This open cluster is a great binocular object in Scorpius. M6 is just north of M7, in the very low south during summer months in the northern hemisphere. It's visible naked-eye from decent suburban skies. You can see it is mostly made of hot young blue stars, but there's an orange giant near the top of the cluster. This is from the Spring 2014 Davis Mountains trip. TOA 130 telescope with reducer and QHY8 "color" CCD camera, 7 frames of 5 minutes each total exposure is 35 minutes. Check out M6 and M7 in the context of the Southern Milky Way here. Open cluster M7 is closeby.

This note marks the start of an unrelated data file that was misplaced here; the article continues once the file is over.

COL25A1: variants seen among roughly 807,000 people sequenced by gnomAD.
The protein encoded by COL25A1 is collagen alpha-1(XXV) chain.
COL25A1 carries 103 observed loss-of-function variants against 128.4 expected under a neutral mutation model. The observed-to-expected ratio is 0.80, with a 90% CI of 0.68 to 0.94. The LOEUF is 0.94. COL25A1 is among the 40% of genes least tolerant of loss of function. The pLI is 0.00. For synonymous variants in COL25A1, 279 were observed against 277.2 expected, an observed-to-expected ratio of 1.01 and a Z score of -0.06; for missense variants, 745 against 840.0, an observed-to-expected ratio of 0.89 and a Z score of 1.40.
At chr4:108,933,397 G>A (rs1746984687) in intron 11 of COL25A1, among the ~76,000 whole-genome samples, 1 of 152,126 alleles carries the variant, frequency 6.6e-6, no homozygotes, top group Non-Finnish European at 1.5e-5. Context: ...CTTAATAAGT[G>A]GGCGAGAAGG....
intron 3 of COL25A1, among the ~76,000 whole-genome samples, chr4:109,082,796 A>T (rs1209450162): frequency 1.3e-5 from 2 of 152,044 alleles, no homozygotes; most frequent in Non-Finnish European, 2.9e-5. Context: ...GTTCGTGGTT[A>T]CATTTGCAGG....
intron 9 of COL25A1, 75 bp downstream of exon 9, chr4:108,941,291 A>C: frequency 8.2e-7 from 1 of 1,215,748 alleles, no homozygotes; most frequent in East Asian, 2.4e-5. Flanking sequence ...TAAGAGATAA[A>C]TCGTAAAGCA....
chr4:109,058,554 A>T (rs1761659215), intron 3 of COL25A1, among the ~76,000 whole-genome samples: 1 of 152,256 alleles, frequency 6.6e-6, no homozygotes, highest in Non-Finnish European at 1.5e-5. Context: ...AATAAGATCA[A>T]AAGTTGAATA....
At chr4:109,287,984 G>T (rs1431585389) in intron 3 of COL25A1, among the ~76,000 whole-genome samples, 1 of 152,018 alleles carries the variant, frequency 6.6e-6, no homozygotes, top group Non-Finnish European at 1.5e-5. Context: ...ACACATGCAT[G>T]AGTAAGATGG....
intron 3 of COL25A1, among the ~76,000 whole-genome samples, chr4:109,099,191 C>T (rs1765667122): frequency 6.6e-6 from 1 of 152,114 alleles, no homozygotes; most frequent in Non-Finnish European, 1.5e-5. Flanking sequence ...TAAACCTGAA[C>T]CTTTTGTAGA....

Here's a much older shot for comparison. I believe that's part of NGC-6383 above right. Just before Midnight, 5/30/2005, Wimberly Texas. Effective frame size of a 1130mm lens considering the 1.5x magnification factor of my Nikon D100 Digital SLR (D-SLR) camera. Takahashi TOA 130 (5" APO refractor) With reducer, focal length is 754mm at f5.8
See other star clusters on Southern Star Clusters page.
See M6 in context on the Southern Milky Way page.
If you like clusters check out the links below for more....
Images Copyright © by Dick Locke. All Rights Reserved.
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